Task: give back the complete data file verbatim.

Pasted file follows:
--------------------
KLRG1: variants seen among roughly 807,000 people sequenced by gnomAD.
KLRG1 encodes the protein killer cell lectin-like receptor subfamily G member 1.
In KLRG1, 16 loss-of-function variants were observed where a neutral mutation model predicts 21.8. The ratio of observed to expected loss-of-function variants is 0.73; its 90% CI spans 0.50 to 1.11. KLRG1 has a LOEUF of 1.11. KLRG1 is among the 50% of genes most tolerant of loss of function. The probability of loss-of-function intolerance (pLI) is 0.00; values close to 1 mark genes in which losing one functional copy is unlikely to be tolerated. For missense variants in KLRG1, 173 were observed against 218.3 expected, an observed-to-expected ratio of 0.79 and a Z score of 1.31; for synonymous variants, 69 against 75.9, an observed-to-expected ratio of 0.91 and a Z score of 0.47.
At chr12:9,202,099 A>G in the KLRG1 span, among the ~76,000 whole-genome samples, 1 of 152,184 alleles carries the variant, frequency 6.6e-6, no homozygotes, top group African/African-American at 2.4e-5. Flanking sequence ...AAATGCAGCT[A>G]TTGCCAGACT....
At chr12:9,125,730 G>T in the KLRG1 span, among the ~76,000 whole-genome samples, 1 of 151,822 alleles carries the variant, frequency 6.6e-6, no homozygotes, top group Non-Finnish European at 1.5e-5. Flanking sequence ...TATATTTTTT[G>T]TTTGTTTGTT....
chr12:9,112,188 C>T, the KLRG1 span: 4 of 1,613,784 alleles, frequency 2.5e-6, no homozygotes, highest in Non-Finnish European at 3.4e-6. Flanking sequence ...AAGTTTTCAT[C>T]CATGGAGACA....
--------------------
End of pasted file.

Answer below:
KLRG1: variants seen among roughly 807,000 people sequenced by gnomAD.
KLRG1 encodes the protein killer cell lectin-like receptor subfamily G member 1.
In KLRG1, 16 loss-of-function variants were observed where a neutral mutation model predicts 21.8. The ratio of observed to expected loss-of-function variants is 0.73; its 90% CI spans 0.50 to 1.11. KLRG1 has a LOEUF of 1.11. KLRG1 is among the 50% of genes most tolerant of loss of function. The probability of loss-of-function intolerance (pLI) is 0.00; values close to 1 mark genes in which losing one functional copy is unlikely to be tolerated. For missense variants in KLRG1, 173 were observed against 218.3 expected, an observed-to-expected ratio of 0.79 and a Z score of 1.31; for synonymous variants, 69 against 75.9, an observed-to-expected ratio of 0.91 and a Z score of 0.47.
At chr12:9,202,099 A>G in the KLRG1 span, among the ~76,000 whole-genome samples, 1 of 152,184 alleles carries the variant, frequency 6.6e-6, no homozygotes, top group African/African-American at 2.4e-5. Flanking sequence ...AAATGCAGCT[A>G]TTGCCAGACT....
At chr12:9,125,730 G>T in the KLRG1 span, among the ~76,000 whole-genome samples, 1 of 151,822 alleles carries the variant, frequency 6.6e-6, no homozygotes, top group Non-Finnish European at 1.5e-5. Flanking sequence ...TATATTTTTT[G>T]TTTGTTTGTT....
chr12:9,112,188 C>T, the KLRG1 span: 4 of 1,613,784 alleles, frequency 2.5e-6, no homozygotes, highest in Non-Finnish European at 3.4e-6. Flanking sequence ...AAGTTTTCAT[C>T]CATGGAGACA....